I wiped the sweat from my brow and stared across the table amazed by the cool exterior and poise that she still wore. She had to know why I was here but she was a professional and her training had been thorough enough that even in the privacy of this second rate hotel room, she still kept up her act. She knew that even the walls had ears and that I was most likely wired.
She swirled the drink that I’d poured for her, and my eyes followed the ice cubes as she spoke, “You didn’t have to come all the way down here. I know you hate Havana.”
Don’t drink the drink.
“I don’t mind Havana,” I lied, “You’re here.”
Don’t drink the drink. Please.
“It’s Thanksgiving,” she said, “shouldn’t you be with your wife?”
I looked away. She was right, I should be with my wife. I could have avoided this, but it was her and avoiding the worst case scenario was something that I didn’t think I could live with. This wasn’t a job I could pass on to anyone else to do; it had to be me. No one else knew her the way that I knew her. She would want it this way.
“Trouble in paradise then,” she said and brought the glass just to her lips.
Please, no, don’t drink the drink
“Don’t be petty. You have no idea the trouble this trip will cause.”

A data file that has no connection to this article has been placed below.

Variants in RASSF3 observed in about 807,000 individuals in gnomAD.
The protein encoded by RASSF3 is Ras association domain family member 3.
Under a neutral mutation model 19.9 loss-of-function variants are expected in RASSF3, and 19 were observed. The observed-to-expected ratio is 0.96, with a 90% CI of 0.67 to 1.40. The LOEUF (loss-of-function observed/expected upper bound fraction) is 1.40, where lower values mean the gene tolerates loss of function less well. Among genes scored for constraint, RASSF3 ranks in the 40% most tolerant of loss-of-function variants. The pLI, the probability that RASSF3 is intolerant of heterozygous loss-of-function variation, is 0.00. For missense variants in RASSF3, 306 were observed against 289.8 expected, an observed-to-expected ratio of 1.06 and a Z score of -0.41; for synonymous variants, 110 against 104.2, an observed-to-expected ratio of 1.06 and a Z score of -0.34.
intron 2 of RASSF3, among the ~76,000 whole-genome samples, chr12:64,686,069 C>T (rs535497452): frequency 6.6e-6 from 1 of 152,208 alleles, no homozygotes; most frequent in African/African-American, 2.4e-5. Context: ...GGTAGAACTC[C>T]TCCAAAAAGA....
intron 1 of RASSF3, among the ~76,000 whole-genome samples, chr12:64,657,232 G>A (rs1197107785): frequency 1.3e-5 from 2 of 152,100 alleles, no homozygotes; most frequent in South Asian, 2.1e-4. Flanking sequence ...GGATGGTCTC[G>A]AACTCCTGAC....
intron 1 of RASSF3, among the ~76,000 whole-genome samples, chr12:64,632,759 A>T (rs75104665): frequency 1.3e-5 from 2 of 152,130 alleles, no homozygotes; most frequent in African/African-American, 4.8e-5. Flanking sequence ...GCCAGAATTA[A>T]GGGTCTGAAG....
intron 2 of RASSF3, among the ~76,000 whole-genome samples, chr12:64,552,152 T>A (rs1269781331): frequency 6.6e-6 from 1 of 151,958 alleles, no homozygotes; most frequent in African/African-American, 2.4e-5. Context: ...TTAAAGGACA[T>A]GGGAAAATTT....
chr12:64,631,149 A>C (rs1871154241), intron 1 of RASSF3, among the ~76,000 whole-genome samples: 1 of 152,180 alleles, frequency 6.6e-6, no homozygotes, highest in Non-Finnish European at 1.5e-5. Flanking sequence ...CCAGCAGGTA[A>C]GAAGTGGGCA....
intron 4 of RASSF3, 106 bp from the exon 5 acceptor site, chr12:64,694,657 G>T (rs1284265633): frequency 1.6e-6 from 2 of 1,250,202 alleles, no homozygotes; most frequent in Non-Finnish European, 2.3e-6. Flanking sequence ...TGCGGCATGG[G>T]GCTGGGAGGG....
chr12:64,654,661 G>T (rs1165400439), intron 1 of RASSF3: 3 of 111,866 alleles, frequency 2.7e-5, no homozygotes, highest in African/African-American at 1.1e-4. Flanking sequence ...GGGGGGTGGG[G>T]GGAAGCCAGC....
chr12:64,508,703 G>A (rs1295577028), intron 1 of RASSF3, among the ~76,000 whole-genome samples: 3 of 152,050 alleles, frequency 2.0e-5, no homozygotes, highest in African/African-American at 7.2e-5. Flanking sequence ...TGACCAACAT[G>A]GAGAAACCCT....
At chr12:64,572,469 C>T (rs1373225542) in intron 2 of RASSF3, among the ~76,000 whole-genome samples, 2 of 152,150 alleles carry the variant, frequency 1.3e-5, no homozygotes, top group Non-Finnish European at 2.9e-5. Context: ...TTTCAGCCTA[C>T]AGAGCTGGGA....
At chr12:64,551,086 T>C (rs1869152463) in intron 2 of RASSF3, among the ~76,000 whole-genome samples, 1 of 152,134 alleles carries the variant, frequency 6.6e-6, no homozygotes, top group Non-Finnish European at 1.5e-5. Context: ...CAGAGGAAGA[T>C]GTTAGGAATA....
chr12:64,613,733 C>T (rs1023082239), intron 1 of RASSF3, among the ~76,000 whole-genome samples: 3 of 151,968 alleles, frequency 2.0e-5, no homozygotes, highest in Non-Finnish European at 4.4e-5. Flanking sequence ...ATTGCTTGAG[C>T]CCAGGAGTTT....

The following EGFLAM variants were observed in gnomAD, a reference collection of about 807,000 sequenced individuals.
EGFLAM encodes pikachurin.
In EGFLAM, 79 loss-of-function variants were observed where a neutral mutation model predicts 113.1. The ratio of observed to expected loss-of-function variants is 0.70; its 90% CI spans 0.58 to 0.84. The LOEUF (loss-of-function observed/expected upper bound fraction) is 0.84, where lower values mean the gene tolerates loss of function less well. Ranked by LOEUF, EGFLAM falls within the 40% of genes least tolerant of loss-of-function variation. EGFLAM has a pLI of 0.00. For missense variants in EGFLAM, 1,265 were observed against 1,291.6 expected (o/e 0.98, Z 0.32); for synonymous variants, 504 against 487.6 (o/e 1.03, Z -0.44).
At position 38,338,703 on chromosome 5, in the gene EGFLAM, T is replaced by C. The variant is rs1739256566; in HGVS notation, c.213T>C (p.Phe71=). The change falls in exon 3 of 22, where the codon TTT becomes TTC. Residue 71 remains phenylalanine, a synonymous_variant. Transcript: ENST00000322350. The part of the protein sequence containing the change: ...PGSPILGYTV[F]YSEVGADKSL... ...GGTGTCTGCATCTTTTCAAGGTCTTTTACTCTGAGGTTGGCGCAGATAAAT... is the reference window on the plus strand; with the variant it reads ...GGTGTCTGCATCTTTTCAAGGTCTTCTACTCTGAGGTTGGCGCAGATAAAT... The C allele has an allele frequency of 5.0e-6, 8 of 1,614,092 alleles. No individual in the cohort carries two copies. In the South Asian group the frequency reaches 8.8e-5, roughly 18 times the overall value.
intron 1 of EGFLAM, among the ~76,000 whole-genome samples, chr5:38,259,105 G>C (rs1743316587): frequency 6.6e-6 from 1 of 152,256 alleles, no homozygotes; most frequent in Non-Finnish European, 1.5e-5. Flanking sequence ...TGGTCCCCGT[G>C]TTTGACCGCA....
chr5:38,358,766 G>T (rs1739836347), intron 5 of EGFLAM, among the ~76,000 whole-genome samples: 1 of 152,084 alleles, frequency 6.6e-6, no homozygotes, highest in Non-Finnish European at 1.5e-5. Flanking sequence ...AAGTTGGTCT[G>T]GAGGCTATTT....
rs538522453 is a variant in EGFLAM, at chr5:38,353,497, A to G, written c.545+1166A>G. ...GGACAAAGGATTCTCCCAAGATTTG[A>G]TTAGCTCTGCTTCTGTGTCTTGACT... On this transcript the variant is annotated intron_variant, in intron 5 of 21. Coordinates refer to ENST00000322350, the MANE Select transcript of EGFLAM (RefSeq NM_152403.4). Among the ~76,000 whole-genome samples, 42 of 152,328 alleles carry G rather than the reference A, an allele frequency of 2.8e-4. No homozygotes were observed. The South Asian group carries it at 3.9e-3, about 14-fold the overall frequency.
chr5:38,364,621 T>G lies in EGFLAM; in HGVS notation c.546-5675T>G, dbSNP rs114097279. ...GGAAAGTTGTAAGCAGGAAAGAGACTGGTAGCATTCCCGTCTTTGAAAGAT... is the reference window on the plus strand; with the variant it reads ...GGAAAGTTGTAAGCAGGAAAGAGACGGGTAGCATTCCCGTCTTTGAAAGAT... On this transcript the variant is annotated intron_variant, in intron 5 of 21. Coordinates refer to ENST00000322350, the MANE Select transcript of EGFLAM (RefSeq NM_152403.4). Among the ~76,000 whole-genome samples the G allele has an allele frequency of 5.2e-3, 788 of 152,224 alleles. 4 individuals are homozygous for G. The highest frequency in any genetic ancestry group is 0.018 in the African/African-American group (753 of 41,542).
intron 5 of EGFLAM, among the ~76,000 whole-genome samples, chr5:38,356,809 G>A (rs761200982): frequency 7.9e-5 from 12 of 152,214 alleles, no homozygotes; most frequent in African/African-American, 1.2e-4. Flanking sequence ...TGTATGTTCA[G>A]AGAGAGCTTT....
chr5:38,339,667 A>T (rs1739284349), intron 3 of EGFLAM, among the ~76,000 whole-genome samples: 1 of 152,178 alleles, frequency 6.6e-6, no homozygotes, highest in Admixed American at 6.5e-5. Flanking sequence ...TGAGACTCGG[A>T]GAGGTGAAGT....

“She doesn’t understand the business.”
She sat the glass on the table and the smear of her crimson lipstick on the rim of the glass captivated me in a past that could never be repeated. Please don’t drink the drink.
“She doesn’t know the business,” I said.
Silence stretched between us broken only by the sounds of birdsong and the distant hum of traffic and I wiped my brow again. Oh God! Don’t drink the drink.
“Neither do you, but I do. And it’s alright,” she whispered before taking a gulp of the drink.
Through blurry eyes, I watched the glass shatter against the hard concrete of the patio and her convulsions fade into the stillness of death. It was time for me to leave, yet I sat there and lit a cigarette. A warm breeze stirred her hair into her blank eyes. The crisis was over and all of the unpleasant secrets that it left were being purged.
I poured myself a drink, and sat across the table from her corpse. I swirled the ice cubes as I confessed all of my sins to her. She was right, she always had been right. I had jumped in over my head when I met her. She knew the business better than any of us.
I need to drink the drink.
I lifted the glass to my lips and accepted the darkness that knowledge of the business brought. My last thoughts weren’t of my family back home or thoughts of Thanksgiving, they were of hot nights in Havana and her.